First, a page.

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Keep your elderly relatives tech safe


Introduction

The world of technology is constantly changing, and for many people, it's hard to keep up. But for an elderly person who grew up without computers or cell phones, adapting to the latest devices can seem like a daunting task. As people age, they may experience cognitive decline which can make it harder for them to spot scams and other dangers online. In fact, according to a study by the Center for Safe Internet Use (CSIU), adults aged 65 or older were two times more likely than adults under 65 years old to fall victim to cybercrime.

The risks of scams are increasing

Scams are on the rise, and their scammers are becoming more sophisticated. While it's true that you can help your elderly relative understand what a scam is and how to avoid it, that doesn't mean you shouldn't also be aware of the ways scams happen in order to help them stay safe.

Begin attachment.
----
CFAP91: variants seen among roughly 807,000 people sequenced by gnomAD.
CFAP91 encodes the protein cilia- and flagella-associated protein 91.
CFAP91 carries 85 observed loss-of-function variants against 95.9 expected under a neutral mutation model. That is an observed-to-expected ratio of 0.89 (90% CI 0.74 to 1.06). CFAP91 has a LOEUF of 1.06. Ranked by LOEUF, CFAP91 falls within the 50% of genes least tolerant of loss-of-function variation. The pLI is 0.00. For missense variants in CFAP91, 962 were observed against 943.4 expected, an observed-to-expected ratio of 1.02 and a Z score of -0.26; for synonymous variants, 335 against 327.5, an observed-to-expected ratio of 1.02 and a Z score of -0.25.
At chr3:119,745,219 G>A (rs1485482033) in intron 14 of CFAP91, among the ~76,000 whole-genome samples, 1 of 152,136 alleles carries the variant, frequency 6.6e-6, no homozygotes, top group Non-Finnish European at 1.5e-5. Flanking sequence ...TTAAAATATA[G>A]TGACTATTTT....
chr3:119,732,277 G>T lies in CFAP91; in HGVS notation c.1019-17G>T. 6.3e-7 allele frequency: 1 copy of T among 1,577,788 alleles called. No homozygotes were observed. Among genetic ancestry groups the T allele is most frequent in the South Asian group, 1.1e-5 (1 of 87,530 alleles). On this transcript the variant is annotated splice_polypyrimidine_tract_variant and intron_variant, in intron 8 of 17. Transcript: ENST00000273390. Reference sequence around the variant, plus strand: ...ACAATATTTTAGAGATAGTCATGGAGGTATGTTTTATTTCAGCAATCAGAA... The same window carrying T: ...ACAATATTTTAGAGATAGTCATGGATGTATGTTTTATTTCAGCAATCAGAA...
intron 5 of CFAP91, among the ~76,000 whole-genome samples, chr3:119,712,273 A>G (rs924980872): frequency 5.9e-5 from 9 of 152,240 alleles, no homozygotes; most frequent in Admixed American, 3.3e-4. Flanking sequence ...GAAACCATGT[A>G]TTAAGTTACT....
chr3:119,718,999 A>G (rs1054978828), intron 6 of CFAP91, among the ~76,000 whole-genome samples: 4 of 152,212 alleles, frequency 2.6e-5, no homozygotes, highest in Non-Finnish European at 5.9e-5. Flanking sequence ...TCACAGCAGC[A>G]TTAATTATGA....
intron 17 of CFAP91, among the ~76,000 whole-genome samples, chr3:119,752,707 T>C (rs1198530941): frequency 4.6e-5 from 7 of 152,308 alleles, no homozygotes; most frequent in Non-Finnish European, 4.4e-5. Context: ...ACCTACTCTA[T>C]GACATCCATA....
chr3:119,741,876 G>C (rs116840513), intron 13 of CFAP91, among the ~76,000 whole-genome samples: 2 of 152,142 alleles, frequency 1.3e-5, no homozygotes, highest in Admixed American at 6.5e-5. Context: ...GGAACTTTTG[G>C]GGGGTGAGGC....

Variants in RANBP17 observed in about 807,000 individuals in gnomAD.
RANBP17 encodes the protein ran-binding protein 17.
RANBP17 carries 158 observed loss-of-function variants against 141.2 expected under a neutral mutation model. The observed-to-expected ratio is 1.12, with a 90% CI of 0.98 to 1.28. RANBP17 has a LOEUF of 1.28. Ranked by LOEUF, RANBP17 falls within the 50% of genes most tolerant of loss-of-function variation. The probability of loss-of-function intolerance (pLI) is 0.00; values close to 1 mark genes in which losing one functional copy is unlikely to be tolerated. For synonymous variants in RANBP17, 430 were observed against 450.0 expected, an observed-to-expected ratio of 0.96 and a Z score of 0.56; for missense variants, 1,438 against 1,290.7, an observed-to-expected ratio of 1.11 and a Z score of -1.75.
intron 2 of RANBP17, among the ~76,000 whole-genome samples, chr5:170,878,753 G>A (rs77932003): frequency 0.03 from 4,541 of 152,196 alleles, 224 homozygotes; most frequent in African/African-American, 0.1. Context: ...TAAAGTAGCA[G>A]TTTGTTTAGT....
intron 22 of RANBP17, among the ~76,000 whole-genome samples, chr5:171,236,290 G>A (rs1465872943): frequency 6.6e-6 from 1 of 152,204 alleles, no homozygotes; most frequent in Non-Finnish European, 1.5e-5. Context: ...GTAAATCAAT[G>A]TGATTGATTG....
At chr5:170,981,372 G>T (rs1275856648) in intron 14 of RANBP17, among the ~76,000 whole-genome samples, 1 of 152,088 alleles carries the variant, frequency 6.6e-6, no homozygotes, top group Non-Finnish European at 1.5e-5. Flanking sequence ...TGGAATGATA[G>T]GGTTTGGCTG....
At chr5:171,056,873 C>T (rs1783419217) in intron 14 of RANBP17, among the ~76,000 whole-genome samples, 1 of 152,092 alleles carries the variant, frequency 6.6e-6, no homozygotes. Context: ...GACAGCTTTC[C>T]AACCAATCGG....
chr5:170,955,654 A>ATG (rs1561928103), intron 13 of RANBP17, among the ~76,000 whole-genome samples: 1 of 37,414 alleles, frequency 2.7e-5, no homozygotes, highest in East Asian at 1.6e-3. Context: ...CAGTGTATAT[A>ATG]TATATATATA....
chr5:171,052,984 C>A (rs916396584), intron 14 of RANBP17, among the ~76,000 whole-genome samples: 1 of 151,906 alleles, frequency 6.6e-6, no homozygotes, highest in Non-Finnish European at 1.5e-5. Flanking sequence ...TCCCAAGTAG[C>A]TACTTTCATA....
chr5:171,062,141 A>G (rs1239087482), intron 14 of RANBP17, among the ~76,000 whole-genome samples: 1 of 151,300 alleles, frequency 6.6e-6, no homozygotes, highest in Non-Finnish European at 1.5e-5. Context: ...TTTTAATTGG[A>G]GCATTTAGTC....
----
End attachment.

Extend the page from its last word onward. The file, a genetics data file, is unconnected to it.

So what kinds of scams are out there? What should you look for if you're worried about an elderly person being scammed? And what do we recommend doing if someone has been scammed?

Elderly are more likely to fall for scams

Elderly people are more likely to be victims. They may be more trusting, not understand how technology works, not know when something is real or fake, or not know how to protect themselves.

  • Seniors are often unaware that they’re being scammed.

  • If a scammer calls you out of the blue and asks for personal information or money, hang up. Don’t give them any details about who you are or where you live.

Tips to help relatives avoid falling victim